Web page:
The Army is in need of new technology and platforms that will
enhance tactical situational awareness in urban and complex terrain by
enabling the autonomous operation of a collaborative ensemble of
multifunctional, mobile microsystems. This goal will be realized
through fundamental advancements by the MAST alliance, with the
microelectronics team providing advances in: sensing, processing,
communications, microdevices and integration, packaging, and systems
architectures. This will be accomplished by developing and
demonstrating innovative technologies in these areas with a
budget of $12.5M of which $9.9M has been committted by the
sponsor and $2.6M is provided as cost sharing by the University of
Our proposed testbed consists of a flying autonomous
sensor which has been patterned after a bat. Bats have a highly-attuned
echolocation sense providing high-resolution navigation and sensing
ability even in the dark, just as our sensor must be able to do. With
advanced, high-power solar cells on the wings, and a complete sensory
package on the nose, it contains processing and power storage within
its small body. The five major subsystems of this platform are shown in
the figure below. While not shown,
is a cross-cutting theme, central to each of these subsystems, and is
a critical area of research that we will focus on during this project.
Note that while we have chosen a bat as a suggested platform, the
research and technology described here is applicable to a wide variety
of other air, ground, or water platforms.
The five thrust areas of research shown in the figure above entail novel electronic circuit/processing architecture, novel materials for communication and power-efficient sensing, low-power communication and networked response, assisted and autonomous navigation, as well as power generation and management. Revolutionary multidisciplinary research based on bio-inspired and bio-mimetic approaches are proposed to achieve breakthroughs in military relevant system and sub-system specifications such as size, weight, power consumption, and sensitivity.
The team we have assembled has many years of experience in developing advanced microsensor systems, including: inertial, airborne chemicals, radiation, active electromagnetic (radar), and many others. Its expertise spans a wide range of disciplines from biology to RF MEMS, from radar to inertial sensing, and from 3D packaging to VLSI. Our team has also developed many different high-performance packaging systems, enabling each sensor to be insulated from environmental hazards and variability, as well as enabling the assembly of multiple systems within a very small package with very short interconnects between the different systems.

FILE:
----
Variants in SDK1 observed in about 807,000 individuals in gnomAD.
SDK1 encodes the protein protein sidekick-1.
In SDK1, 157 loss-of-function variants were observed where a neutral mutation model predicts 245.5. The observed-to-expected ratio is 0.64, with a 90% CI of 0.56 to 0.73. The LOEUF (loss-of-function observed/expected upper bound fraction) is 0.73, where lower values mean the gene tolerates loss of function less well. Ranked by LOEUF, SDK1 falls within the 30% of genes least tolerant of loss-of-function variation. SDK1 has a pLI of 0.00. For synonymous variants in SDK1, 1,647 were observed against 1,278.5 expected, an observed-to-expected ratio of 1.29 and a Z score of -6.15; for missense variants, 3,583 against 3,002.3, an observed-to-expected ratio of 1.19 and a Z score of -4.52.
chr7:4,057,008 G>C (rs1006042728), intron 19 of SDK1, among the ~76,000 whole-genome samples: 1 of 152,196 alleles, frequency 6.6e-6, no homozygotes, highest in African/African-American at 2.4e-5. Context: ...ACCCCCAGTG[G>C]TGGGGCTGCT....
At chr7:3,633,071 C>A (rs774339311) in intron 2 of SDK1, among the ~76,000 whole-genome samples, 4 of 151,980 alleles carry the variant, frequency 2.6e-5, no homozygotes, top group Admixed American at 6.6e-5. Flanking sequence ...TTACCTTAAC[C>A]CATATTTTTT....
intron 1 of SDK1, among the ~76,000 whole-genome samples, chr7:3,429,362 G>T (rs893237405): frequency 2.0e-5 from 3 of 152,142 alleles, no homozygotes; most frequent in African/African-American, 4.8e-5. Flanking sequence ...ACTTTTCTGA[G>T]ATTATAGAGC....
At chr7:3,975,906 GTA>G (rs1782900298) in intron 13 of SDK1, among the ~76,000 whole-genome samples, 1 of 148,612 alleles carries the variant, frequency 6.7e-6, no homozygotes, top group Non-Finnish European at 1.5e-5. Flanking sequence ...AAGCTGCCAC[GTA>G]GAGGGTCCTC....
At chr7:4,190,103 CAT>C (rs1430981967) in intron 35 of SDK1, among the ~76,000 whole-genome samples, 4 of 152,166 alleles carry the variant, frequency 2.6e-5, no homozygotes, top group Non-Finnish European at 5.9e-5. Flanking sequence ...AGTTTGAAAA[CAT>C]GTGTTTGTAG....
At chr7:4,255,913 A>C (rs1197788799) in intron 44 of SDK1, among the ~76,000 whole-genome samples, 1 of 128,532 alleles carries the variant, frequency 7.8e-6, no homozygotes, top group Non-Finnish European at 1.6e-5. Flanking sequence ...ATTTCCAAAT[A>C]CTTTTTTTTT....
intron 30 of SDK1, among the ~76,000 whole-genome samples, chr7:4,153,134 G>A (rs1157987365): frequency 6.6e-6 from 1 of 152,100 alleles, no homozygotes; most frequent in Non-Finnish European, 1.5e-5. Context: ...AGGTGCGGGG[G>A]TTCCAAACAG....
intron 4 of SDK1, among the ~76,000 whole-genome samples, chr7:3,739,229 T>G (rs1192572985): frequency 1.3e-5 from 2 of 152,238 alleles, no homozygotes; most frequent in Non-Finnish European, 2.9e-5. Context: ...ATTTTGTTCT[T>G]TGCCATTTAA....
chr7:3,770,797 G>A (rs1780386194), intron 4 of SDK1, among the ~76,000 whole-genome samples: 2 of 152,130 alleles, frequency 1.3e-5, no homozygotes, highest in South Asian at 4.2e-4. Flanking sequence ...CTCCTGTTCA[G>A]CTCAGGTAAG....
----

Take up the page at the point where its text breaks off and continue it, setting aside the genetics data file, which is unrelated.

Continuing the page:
Often times the direct results of basic research are not compatible with the overall system architecture as regards to cost, robustness, platform integration, scalability, and sustainability. We will include flexibility into our subsystems by requiring parametric design models and procedures for all subsystems which at the end will enable us to perform tradeoff studies. These activities will be coordinated with the Integrator and other consortium members as many of our sensors and processing tools will be exploited for the proper operation and guidance of the platform.
Michigan's own in-house fabrication facilities will enable much if not all the research proposed here to be carried out in-house. The teaming with the Berkeley and New Mexico groups enhances our capabilities in RF MEMS technology and Quantum-dot solar cells, both key to a workable future sensing platform. Our team has also had a successful history of interaction with ARL and DARPA over the years, including the Fedlabs program, the latest ARL CTAs, and many MURIs. Combined with their many years of experience in technology transfer, this team has the experience, the knowledge, and the technology that will ensure success in this project.